Jim Hilton pens a column on forestry each week for the Quesnel Observer.

Jim Hilton pens a column on forestry each week for the Quesnel Observer.

FOREST INK: Climate change could be mitigated by Peatland forest mosaics

Peat is one of the main and arguably most important component of the boreal forests

Jim Hilton

FOREST INK

Peatland forest mosaics are important for mitigating climate change. I used the term peatland forests because my research has shown that it is the peat that is one of the main and arguably most important component of the boreal forests.

Edward Struzik has a second book entitled For the Love of Peat, Our Best Defence Against a Changing Climate.

Published in the fall of 2021 it describes how Canada has between a quarter and a third of world’s peatlands and it is time we took better care of them. The world’s peatlands, including acidic bogs and more alkaline fens as well as swamps and marshes can be found from British Columbia to the Northwest Territories to Nova Scotia, growing many metres deep into the ground with the largest concentrations west of the Hudson Bay area.

Due to their density of decomposed or decomposing plant material, one square metre of peatland in northern Canada holds approximately five times the amount of carbon as one square metre of tropical rainforest in the Amazon. Unfortunately the country’s peatlands are being degraded by the construction of mines and hydroelectric dams, by oil-and-gas developments, and by urban expansion. We are losing an ecosystem crucial to the prevention of natural disasters such as forest fires—as well as destroying a key mitigator of climate change. Today, peat has become big business. Canada produces 1.3 million tonnes of peat annually, primarily by cutting it out of the ground in Quebec, New Brunswick, and the Prairie provinces. The country is also the world’s top exporter of peat, much of which is used as a soil additive by gardeners and farmers. I think that peat as a soil amendment could help increase carbon sequestration if the soil is improved and increases plant productivity.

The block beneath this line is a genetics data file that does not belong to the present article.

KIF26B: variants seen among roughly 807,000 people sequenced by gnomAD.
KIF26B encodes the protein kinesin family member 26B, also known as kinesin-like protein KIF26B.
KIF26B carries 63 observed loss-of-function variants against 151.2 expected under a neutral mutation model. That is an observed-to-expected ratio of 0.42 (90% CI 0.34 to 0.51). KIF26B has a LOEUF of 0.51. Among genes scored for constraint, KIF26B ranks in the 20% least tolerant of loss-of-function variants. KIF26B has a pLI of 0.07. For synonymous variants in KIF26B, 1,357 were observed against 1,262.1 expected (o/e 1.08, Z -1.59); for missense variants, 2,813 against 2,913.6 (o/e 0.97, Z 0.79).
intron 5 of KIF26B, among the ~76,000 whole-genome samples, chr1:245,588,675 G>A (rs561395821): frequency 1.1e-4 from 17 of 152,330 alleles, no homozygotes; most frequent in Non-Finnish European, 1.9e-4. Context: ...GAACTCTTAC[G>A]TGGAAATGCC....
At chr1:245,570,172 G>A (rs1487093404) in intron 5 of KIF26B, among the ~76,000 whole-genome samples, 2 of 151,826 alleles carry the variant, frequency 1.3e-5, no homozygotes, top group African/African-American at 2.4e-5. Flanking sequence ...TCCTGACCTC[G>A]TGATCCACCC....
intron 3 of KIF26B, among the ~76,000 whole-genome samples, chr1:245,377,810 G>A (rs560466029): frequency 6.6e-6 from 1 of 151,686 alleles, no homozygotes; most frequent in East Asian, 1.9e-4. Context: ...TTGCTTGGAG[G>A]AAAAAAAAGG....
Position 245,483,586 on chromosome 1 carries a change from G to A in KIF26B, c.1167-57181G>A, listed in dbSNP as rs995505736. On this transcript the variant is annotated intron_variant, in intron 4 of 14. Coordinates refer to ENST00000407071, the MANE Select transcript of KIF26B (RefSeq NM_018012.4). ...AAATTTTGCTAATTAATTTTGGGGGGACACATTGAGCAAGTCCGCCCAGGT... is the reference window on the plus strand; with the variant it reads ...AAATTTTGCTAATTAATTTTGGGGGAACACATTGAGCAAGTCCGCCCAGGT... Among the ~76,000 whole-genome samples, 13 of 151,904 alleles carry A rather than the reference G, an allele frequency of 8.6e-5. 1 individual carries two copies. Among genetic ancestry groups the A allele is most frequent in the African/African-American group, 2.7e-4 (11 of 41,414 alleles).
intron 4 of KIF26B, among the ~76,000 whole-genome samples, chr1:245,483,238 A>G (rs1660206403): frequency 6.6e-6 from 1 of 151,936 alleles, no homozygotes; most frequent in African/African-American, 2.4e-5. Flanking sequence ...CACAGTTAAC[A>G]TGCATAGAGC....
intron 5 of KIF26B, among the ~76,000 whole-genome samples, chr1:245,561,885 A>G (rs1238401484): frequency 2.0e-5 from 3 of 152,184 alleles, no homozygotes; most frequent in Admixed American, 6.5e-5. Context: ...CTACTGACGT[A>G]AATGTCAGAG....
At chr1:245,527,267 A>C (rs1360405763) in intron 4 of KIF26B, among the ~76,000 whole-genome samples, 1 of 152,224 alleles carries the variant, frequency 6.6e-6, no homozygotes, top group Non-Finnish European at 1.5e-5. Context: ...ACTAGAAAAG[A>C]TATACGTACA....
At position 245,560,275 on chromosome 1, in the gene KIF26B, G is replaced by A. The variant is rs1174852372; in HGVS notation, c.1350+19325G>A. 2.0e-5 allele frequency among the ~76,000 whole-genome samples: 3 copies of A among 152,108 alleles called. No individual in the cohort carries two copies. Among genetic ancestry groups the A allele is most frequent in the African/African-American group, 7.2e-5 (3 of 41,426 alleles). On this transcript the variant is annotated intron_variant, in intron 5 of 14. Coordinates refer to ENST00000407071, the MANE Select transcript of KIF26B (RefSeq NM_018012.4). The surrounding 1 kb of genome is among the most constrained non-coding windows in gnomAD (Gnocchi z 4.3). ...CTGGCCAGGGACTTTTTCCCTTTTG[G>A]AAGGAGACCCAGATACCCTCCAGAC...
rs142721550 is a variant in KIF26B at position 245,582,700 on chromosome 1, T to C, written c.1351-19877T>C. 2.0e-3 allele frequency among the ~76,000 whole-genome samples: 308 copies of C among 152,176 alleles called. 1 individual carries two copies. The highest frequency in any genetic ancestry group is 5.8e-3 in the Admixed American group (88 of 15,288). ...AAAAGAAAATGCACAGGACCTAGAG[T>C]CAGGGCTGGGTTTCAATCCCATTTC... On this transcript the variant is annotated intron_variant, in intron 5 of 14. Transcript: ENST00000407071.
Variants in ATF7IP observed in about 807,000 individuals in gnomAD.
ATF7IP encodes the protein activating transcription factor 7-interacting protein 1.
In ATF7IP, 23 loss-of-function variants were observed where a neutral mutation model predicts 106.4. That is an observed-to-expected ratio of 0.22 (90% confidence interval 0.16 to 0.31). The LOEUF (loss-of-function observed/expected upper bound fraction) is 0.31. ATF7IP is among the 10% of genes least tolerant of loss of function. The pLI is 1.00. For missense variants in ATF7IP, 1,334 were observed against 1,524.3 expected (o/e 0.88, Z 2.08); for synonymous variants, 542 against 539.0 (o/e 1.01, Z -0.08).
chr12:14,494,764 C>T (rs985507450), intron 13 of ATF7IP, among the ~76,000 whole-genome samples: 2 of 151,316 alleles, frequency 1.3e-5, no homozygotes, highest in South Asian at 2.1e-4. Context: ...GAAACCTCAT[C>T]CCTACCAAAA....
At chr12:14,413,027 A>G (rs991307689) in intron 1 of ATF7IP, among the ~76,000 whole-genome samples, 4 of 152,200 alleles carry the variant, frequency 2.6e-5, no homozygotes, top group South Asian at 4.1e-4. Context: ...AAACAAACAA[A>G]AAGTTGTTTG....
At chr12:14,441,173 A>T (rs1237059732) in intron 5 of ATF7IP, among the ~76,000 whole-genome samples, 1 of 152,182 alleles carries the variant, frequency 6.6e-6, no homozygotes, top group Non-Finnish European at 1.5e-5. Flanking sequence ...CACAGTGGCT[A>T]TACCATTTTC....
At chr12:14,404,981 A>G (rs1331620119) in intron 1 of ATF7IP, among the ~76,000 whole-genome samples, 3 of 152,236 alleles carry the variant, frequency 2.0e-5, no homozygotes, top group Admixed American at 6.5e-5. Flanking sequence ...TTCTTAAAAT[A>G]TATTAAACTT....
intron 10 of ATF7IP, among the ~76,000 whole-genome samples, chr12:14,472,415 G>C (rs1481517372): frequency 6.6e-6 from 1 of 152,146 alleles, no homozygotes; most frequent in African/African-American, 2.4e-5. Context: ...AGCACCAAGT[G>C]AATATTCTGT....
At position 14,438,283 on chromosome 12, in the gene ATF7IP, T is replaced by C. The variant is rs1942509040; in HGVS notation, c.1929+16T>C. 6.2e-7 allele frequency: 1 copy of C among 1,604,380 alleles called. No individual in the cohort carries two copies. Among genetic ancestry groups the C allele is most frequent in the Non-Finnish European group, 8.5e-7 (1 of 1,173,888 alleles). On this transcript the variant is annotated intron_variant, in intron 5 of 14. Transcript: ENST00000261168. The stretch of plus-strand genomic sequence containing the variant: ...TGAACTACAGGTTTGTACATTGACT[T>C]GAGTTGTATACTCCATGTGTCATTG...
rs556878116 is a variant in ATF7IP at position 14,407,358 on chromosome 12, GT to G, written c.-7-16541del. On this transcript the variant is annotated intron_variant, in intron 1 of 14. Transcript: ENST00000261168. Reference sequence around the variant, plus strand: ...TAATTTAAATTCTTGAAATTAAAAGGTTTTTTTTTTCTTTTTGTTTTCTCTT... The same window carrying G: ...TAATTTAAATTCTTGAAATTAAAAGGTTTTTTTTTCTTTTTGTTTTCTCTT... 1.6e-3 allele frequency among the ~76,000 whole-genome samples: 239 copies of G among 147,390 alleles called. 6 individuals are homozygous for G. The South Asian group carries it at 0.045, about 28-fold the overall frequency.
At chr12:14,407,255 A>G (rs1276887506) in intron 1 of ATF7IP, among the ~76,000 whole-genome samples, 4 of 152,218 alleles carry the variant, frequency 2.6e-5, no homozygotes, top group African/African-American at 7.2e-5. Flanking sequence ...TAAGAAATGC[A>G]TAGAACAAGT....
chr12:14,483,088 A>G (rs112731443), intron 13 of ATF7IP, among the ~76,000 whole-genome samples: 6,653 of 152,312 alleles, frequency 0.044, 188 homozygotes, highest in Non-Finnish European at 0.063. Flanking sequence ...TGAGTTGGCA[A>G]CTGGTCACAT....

Yet, despite peat’s economic value, cities and utility companies across the country often face few repercussions for draining or degrading vast peatlands for residential developments. Growing peat on land where the top layers have been extracted is not that complicated. It begins with building a base of mosses (sphagnum for bogs and brown mosses for fens) which follows with edible mushrooms and wild blueberries, rare moths and butterflies, carnivorous orchids, woodland caribou, tree-climbing turtles, and countless more ecological features.

“Peat takes time to accumulate—as much time as a tree growing to maturity—but it keeps growing steadily while trees eventually slow down. And, unlike trees, which become vulnerable with age, peat layers that grow to depths of more than twenty-five centimetres become increasingly resilient to disease, drought, and fire due to their high moisture content and low levels of oxygen. While tree planting can seem a more glamorous way to mitigate climate change, with an obviously positive outcome that most Canadians have come to appreciate when driving or hiking through forests across the country. A fen, bog, swamp, or marsh is much more difficult for people to value. Peatlands burble and smell and appear to suck up anything that falls into them—all the while doing quiet work to slow wildfires, temper floods, and store carbon as a humble buffer for a changing world,” notes For the Love of Peat, Our Best Defence Against a Changing Climate.

There is some additional information on peat research in the Northwest Territories on a story in CBC North news by Liny Lamberink.


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